Link Posted: 5/26/2001 1:08:32 PM EDT
Link Posted: 5/26/2001 2:10:22 PM EDT
Mere veterans???? When I came home with a CIB after the gulf war my dad, a veteran of the Korean war, was prouder than I was. He died 3 years later, he was a mere veteran. My uncle Really took intrest in me for the first time I could remember, he is a veteran of Veitnam, he has cancer and won't last long, he is a mere veteran, Seems the family tradition is to earn a CIB. I give thanks to God I have only daughters. Thanks to all vet's.
Link Posted: 5/26/2001 2:52:25 PM EDT
Ron"s Toys, when I read your 2 part post, I pretty near lost it. Oh, hell, you guys can call me a wimp, but I cried. Having left several buddies over there, I have never gotten up the gumption to go to the Black Wall. I am afraid I would just turn into a big baby if I did. That was an awesome piece, man. I also thank those vets that came before me and those with me who never came home as well as those that did make it home.
Link Posted: 5/26/2001 3:57:42 PM EDT
Larry G- Don't apologize for anything. If anybody calls you a wimp, I'll kick their butt. Jeff MI ANG
Link Posted: 5/26/2001 4:05:23 PM EDT
Link Posted: 5/26/2001 6:25:56 PM EDT
Gary Ray Bryant SP4 Army Greenville SC Died January 25 1966 South Vietnam. Thank You cousin.
Link Posted: 5/27/2001 3:08:34 AM EDT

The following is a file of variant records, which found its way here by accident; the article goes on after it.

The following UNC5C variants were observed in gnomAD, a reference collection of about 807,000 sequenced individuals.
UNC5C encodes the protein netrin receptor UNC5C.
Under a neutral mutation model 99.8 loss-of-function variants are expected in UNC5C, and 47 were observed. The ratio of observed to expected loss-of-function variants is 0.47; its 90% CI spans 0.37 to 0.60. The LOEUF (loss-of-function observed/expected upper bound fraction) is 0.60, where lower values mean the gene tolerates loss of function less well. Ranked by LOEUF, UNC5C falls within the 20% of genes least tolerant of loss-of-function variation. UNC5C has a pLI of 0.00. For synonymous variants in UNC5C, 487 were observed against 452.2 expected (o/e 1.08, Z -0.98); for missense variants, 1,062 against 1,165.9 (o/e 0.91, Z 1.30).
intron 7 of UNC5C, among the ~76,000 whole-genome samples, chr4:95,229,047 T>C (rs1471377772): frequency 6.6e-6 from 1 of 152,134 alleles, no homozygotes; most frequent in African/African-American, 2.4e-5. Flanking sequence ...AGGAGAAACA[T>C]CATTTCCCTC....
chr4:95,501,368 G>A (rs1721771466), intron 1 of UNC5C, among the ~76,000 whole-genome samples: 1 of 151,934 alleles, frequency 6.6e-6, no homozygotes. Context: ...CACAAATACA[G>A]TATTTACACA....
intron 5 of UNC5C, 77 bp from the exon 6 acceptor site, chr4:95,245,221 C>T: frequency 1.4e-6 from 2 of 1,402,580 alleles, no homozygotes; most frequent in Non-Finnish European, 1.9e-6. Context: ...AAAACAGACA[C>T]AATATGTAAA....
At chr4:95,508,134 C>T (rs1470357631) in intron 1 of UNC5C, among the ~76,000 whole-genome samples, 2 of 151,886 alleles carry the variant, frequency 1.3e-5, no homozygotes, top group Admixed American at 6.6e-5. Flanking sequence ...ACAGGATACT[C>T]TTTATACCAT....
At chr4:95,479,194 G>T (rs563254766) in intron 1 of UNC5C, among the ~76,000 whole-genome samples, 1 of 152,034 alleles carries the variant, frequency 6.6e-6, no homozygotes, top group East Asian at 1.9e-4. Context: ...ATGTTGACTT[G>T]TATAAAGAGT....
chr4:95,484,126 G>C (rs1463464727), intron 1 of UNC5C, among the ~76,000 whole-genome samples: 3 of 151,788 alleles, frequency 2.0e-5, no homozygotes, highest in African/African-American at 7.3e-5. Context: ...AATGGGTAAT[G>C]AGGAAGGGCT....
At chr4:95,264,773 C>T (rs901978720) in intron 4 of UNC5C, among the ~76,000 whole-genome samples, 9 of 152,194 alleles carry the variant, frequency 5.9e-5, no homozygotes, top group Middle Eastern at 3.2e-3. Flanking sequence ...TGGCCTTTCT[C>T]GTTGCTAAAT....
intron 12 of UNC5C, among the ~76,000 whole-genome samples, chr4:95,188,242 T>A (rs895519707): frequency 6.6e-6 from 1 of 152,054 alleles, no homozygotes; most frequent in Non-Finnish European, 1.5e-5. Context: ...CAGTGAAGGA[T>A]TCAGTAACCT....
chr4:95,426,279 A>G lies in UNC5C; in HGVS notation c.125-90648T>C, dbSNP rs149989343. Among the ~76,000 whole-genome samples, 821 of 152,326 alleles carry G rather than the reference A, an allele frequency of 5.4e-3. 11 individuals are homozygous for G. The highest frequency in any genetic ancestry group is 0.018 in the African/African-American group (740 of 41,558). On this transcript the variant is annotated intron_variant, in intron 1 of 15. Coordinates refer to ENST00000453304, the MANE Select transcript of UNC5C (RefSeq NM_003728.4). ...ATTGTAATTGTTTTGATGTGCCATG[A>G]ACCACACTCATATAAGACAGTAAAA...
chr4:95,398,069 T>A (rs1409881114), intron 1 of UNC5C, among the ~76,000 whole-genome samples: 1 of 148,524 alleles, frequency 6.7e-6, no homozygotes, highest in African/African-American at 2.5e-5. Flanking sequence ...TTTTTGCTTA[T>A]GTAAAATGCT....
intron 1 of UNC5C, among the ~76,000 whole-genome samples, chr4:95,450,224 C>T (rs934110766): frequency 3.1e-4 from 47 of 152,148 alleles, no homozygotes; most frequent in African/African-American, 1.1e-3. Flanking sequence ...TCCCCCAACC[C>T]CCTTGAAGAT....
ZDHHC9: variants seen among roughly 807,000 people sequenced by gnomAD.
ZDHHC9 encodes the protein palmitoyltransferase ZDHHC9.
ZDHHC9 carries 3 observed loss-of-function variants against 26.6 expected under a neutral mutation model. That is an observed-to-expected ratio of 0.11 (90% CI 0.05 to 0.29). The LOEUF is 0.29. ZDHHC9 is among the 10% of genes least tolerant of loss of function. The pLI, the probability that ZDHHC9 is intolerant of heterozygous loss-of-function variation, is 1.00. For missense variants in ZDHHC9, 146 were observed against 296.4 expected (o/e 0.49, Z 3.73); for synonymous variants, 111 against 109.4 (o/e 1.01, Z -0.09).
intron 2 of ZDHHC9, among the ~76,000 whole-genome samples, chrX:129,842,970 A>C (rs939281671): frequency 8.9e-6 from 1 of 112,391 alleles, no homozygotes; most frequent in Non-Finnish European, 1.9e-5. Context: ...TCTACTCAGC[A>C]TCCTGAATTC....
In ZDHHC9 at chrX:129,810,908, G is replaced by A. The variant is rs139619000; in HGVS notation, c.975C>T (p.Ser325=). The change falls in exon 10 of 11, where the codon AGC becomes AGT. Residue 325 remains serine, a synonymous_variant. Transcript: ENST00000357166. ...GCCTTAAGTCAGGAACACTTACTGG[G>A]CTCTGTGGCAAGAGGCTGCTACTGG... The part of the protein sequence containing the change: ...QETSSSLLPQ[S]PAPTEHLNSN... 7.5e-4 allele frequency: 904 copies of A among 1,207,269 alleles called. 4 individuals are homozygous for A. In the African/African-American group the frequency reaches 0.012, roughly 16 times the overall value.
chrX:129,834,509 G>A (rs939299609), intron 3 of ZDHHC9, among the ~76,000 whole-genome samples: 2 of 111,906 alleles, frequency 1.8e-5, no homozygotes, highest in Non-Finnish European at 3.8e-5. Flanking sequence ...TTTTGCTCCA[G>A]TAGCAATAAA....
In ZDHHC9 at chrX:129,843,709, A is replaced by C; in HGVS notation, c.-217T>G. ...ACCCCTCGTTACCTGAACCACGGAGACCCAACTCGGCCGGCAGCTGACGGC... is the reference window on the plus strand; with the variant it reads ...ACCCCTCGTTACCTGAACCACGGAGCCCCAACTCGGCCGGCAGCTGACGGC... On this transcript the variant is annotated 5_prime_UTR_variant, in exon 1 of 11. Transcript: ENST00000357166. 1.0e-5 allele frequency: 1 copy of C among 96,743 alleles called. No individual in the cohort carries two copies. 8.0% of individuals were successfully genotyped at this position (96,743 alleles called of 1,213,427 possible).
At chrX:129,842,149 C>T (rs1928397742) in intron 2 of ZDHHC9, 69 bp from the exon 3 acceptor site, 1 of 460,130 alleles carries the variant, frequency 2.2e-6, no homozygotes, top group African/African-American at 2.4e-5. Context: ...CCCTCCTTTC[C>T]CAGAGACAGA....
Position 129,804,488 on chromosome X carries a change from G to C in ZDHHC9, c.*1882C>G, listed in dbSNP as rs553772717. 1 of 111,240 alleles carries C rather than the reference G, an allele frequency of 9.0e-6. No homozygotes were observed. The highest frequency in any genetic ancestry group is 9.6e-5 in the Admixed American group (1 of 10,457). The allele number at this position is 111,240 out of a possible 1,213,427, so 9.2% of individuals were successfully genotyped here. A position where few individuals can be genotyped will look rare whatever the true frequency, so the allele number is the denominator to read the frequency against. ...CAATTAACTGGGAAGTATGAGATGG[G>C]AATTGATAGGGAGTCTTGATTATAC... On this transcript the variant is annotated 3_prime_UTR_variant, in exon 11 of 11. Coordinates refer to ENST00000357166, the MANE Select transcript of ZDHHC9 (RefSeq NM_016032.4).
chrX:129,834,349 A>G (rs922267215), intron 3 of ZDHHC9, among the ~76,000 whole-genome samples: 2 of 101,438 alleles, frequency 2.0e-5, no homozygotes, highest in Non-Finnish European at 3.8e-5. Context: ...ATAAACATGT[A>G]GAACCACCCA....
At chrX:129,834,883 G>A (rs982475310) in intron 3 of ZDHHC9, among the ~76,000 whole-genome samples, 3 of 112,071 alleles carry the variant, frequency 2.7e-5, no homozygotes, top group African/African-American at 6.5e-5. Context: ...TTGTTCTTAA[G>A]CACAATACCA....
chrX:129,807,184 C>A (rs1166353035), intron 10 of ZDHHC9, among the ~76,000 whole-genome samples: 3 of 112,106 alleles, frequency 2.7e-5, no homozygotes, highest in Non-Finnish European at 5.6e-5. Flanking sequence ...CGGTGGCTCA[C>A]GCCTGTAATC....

Link Posted: 5/27/2001 6:54:00 AM EDT
A sincere "Thank you" to all the veterans past and present who have put their lives on the line - and especially to those who have made the ultimate sacrifice while serving their country. At the same time, thousands of POW's and MIA's remain unaccounted for - and this is inexcusable. Hope or pray that the current administration rectifies this. Americans as a whole must stop and remember what Memorial Day is truly about. Most members of this board fully understand this - but many Americans will go about their business Monday - not taking time to pause and reflect on America's fallen servicemembers. To those who have served in recent "peacekeeping actions" (like myself)- thanks for staying mentally sane amidst United Nations and NATO run cluster#$$##$. Thanks for trying to be soldiers when our government would have us be NATO's police. Again - to all veterans past and present. Thank you. SPC Smith
Link Posted: 5/27/2001 7:42:39 PM EDT
Freedom ©L.E. Wesch 1998 Veterans Day jogs me Freedom… we honor the concept. They died these soldiers, defending it, defending each other. I take it for granted each day. They died for it. I raise my flag freely each day and watch it's stripes ripple in the breeze and I am proud, I write words never doubting my right to do so. They died that I might. I speak opinions strongly and sometimes brashly. Because they fought…I can. I live where I choose because I am free. I work at my choice, because I have that choice. I can say "no" because I am free I can dream because being free all things are possible. Many of them can dream no more. We honor the word freedom perhaps because it is a liberating word. It is not lonely, dirty, or hungry, it does not weep, bleed, or ache, it is not bitter, cold or vengeful, it is not foolish, uncertain or brash, and the shell of a mortal body does not confine it. But it can be lost. Except for those who will defend it, those who have died for it, this fragile concept might just be a dream and we would be naught. Thank you seems inadequate. --- About sums it up for me.